Circus act in high court | Inquirer Opinion

Circus act in high court

01:25 AM August 25, 2015

IN OUR legal ethics class of 40 students, I recall our professor conducting a survey about our preference should we decide to practice law. Believe it or not, 29 wanted to join the law firm of Estelito Mendoza, eight saw themselves in some other law offices and three in government service.

There was no need to ask why the overwhelming majority chose that law firm. In many “interesting” decisions we studied in class, we could not help being in awe of how Mendoza could so easily sway the Supreme Court toward the direction of his arguments. He could even make it “flip-flop” or somersault.


We were told it was like “suntok sa buwan” for ordinary practitioners to hope for any relief on their motions for reconsideration of the Court’s adverse decisions. But with Mendoza, even mere “letters” would work wonders!

The latest circus show in town set up by the Supreme Court is its decision to grant bail to Sen. Juan Ponce Enrile in his plunder case. Did anyone mention Mendoza is Enrile’s counsel of record? The lawyer who spoke to the media for Enrile was just a stooge. The Supreme Court risked plunging the country “back to (being a) banana republic” (Front Page, 8/22/15), as decried by Justice Secretary Leila de Lima who can’t believe this Supreme Court “ is capable of being partial to the so-called elite, and that its decisions can be grounded not on what the law is, but on who the party is.” What took her so long to realize that?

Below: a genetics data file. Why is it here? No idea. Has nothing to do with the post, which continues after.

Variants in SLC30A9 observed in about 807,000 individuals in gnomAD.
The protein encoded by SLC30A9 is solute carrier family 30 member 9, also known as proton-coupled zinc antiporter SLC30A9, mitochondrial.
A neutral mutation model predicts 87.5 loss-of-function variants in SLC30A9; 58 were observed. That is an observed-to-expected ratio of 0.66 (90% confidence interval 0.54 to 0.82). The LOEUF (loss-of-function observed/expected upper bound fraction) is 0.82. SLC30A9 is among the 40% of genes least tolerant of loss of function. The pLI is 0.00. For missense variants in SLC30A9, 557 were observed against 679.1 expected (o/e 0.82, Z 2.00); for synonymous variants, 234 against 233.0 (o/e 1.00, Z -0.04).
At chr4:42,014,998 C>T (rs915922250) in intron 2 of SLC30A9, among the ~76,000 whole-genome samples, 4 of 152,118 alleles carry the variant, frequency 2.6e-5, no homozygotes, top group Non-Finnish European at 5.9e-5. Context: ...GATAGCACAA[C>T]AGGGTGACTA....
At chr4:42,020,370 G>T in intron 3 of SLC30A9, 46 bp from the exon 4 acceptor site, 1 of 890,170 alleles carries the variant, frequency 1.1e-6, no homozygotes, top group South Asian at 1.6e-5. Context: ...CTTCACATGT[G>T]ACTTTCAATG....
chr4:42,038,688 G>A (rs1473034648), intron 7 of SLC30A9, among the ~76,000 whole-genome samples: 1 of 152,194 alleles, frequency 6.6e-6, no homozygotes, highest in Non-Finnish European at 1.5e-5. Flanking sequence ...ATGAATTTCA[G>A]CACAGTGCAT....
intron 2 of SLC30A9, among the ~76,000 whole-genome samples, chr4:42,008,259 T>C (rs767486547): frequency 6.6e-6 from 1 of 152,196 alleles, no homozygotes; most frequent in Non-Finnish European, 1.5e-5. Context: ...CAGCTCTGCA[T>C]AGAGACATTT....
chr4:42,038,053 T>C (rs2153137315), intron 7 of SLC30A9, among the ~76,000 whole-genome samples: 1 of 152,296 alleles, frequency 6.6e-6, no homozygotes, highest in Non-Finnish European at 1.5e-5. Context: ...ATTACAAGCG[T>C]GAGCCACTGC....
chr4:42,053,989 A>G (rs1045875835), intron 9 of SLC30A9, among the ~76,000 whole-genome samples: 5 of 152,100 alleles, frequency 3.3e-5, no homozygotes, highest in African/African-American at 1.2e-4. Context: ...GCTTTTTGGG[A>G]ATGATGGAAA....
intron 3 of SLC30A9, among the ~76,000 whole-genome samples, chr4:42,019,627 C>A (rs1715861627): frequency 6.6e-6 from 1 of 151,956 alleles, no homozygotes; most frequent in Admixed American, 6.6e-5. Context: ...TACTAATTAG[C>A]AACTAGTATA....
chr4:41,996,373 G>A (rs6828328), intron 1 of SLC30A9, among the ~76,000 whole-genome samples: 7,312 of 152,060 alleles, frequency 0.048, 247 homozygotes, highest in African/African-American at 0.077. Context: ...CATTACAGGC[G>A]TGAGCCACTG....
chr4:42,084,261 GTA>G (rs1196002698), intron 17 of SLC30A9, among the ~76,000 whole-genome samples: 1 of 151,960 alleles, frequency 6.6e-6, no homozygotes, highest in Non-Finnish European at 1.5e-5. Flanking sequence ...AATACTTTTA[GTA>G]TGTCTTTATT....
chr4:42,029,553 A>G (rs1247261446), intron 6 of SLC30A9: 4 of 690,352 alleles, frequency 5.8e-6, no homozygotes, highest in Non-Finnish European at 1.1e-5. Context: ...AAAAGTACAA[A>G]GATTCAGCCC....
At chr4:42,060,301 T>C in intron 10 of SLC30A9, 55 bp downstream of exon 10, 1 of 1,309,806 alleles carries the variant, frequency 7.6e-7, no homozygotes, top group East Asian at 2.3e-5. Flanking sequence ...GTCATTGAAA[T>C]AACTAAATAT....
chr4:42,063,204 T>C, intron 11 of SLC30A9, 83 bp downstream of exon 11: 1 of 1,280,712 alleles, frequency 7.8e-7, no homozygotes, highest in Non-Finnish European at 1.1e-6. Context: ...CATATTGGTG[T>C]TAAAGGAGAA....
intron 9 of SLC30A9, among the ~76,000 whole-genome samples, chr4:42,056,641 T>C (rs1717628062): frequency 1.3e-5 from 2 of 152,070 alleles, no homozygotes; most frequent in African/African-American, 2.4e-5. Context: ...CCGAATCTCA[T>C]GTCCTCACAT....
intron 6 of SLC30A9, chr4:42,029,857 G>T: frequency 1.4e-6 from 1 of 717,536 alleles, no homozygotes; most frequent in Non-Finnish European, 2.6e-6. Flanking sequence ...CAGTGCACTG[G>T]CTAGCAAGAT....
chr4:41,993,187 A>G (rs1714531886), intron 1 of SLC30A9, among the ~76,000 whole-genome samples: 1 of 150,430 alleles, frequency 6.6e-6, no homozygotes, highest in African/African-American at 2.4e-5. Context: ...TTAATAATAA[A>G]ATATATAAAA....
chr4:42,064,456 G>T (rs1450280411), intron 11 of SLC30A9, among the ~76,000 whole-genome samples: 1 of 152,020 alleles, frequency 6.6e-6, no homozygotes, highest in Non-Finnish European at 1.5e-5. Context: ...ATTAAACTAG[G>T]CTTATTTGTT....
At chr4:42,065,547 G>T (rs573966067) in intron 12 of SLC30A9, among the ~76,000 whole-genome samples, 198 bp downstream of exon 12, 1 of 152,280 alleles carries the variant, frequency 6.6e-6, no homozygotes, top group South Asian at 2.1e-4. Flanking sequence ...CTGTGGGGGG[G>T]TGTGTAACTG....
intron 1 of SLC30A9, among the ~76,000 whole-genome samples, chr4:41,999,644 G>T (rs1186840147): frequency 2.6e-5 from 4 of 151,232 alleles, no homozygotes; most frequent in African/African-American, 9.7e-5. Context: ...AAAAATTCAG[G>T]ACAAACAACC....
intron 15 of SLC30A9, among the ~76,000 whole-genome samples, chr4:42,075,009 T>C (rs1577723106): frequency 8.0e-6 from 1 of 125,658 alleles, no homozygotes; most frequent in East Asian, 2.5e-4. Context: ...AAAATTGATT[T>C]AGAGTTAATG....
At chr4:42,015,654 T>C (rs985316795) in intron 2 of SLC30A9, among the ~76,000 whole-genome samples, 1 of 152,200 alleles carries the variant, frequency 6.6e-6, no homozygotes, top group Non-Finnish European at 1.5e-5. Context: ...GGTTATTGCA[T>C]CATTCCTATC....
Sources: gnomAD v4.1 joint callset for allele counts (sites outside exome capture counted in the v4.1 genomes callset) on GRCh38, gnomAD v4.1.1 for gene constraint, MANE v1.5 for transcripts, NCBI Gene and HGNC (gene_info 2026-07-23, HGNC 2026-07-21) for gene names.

It was a decision that even went beyond what Mendoza’s law firm had argued in its pleadings, as also noted by Inquirer columnist Solita Monsod (“How SC decision on Enrile bail came about,” 8/22/15): “What is incomprehensible… is that the reason … was not based on the legal arguments that he offered but… on humanitarian, age-related health grounds which he didn’t even ask for…” It reminds us of that anecdote about how a general, when told by his commander in chief to jump off a building, responded, “From what floor, sir?”

This Supreme Court did not even ask which floor! Heaven help us!


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